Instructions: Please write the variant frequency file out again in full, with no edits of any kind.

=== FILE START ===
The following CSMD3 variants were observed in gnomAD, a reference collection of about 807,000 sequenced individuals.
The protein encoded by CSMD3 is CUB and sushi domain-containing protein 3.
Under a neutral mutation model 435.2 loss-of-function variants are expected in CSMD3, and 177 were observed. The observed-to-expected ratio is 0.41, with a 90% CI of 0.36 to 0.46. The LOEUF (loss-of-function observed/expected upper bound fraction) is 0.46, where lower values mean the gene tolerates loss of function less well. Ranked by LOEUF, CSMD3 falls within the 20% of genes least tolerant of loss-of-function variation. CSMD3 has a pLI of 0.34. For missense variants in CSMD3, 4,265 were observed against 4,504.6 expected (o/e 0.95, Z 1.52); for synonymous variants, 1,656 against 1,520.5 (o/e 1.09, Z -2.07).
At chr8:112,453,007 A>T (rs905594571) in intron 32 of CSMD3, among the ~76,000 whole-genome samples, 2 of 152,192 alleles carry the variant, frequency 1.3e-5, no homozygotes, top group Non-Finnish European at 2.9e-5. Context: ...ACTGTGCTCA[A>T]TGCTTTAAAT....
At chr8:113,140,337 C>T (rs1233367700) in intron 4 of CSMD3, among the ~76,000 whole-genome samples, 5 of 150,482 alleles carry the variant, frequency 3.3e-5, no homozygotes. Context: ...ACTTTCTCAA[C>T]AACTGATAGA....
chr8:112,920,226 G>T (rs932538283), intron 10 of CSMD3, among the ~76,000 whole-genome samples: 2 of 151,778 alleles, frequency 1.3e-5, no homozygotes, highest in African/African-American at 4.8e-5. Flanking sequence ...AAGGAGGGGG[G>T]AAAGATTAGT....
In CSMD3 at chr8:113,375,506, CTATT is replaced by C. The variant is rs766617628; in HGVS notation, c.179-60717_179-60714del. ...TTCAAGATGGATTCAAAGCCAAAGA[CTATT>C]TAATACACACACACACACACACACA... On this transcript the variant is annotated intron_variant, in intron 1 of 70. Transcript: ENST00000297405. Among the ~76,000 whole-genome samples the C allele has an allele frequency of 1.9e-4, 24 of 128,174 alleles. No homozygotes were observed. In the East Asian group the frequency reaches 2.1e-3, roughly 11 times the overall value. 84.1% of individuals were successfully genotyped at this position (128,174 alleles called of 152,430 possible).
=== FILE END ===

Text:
The following CSMD3 variants were observed in gnomAD, a reference collection of about 807,000 sequenced individuals.
The protein encoded by CSMD3 is CUB and sushi domain-containing protein 3.
Under a neutral mutation model 435.2 loss-of-function variants are expected in CSMD3, and 177 were observed. The observed-to-expected ratio is 0.41, with a 90% CI of 0.36 to 0.46. The LOEUF (loss-of-function observed/expected upper bound fraction) is 0.46, where lower values mean the gene tolerates loss of function less well. Ranked by LOEUF, CSMD3 falls within the 20% of genes least tolerant of loss-of-function variation. CSMD3 has a pLI of 0.34. For missense variants in CSMD3, 4,265 were observed against 4,504.6 expected (o/e 0.95, Z 1.52); for synonymous variants, 1,656 against 1,520.5 (o/e 1.09, Z -2.07).
At chr8:112,453,007 A>T (rs905594571) in intron 32 of CSMD3, among the ~76,000 whole-genome samples, 2 of 152,192 alleles carry the variant, frequency 1.3e-5, no homozygotes, top group Non-Finnish European at 2.9e-5. Context: ...ACTGTGCTCA[A>T]TGCTTTAAAT....
At chr8:113,140,337 C>T (rs1233367700) in intron 4 of CSMD3, among the ~76,000 whole-genome samples, 5 of 150,482 alleles carry the variant, frequency 3.3e-5, no homozygotes. Context: ...ACTTTCTCAA[C>T]AACTGATAGA....
chr8:112,920,226 G>T (rs932538283), intron 10 of CSMD3, among the ~76,000 whole-genome samples: 2 of 151,778 alleles, frequency 1.3e-5, no homozygotes, highest in African/African-American at 4.8e-5. Flanking sequence ...AAGGAGGGGG[G>T]AAAGATTAGT....
In CSMD3 at chr8:113,375,506, CTATT is replaced by C. The variant is rs766617628; in HGVS notation, c.179-60717_179-60714del. ...TTCAAGATGGATTCAAAGCCAAAGA[CTATT>C]TAATACACACACACACACACACACA... On this transcript the variant is annotated intron_variant, in intron 1 of 70. Transcript: ENST00000297405. Among the ~76,000 whole-genome samples the C allele has an allele frequency of 1.9e-4, 24 of 128,174 alleles. No homozygotes were observed. In the East Asian group the frequency reaches 2.1e-3, roughly 11 times the overall value. 84.1% of individuals were successfully genotyped at this position (128,174 alleles called of 152,430 possible).